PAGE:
Here’s how I first encountered Postable: on Instagram. A wedding blogger I follow had commented on one of Postable’s posts, and Postable replied to her. The original photo the brand shared was of one of its cards, which, while beautiful, was just enough to catch my eye and nothing else. The comment the wedding blogger left was something along the lines of “Good looking card!”, and it was Postable’s response—”And we mail it for you!”—that got me to click through to the website.
So, a few takeaways here: Be where your customers are, and insert yourself into the conversation. Lead with your best assets: images of your product and your value proposition. If you can get those two things into conversations already happening, you’re one step closer to letting your future fans know you exist.
2. Win them over with your website.
You’ve invited a complete stranger over to your house. They’re a bit shy and uncomfortable. How do you get them to stay? By showing them unmatched hospitality. In the marketing world, we do that with a beautiful website featuring thoughtful UX and delightful, share-it-with-your-marketing-friends copywriting.
When I first clicked through to Postable’s website, I immediately felt welcomed by the cheerful design and comforting, mind-reading homepage that delivered exactly what I was looking for. The tipping point for me, though, was the brand voice, which ranged from friendly, to witty, to kind of hilarious. Exhibit A: This answer from the FAQ.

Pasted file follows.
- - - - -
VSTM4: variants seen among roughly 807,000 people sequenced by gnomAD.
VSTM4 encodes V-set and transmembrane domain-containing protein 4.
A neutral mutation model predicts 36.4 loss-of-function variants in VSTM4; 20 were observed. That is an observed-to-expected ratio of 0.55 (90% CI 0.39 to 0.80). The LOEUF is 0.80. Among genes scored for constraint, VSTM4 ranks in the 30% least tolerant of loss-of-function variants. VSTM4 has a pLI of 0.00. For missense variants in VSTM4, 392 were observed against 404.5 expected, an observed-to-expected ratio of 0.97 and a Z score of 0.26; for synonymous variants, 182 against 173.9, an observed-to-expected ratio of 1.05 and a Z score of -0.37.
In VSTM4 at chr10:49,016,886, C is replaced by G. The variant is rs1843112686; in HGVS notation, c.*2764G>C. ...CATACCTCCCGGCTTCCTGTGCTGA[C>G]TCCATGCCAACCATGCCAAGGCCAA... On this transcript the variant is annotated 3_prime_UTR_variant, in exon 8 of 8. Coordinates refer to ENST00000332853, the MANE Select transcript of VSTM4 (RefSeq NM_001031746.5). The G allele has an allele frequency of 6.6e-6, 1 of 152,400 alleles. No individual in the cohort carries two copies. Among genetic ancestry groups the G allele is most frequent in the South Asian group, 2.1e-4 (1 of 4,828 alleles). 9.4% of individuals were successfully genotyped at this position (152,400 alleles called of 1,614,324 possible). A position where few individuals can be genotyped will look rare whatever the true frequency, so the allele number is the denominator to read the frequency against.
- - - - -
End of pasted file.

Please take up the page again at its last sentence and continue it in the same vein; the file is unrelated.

I also love:
The “company timeline”
The sample address book filled with TV characters from the ’80s and ’90s.
But I digress. Back to the tips. Which brings me to…
3. Address the elephant in the room.
One thing I was concerned about before committing to using Postable for thank-you notes was etiquette. Wedding planning is littered with etiquette issues—who gets to invite a “plus one,” who pays for what, who sits where at the reception—and I had an underlying fear that typing rather than handwriting my thank-you notes would be one of those etiquette faux pas. Not that I run in any kind of circle where someone would ever call me out for something like that, just that, well, wedding planning makes crazy thoughts like this run through your head.
From a customer acquisition perspective, this etiquette faux pas was the elephant in the room. It was the one obstacle that might have made me turn back at the penultimate moment, sigh heavily, and say, “I guess I should do the right thing and handwrite these; millions of brides before me have written thank-you notes until their fingers bled. Why should I get off so easy?”
So how did Postable overcome this challenging stage in the customer journey? With the brilliant move of using a quote from Martha Stewart Weddings at the top of their website. The quote, which has since been pulled, said something like, “Finally, a thank-you note shortcut that even Emily Post would approve of” and featured a “Martha Stewart-approved” badge. This one thing alone was enough to soothe my (albeit minor) fears and move me along the sales funnel.
4. Reduce uncertainty.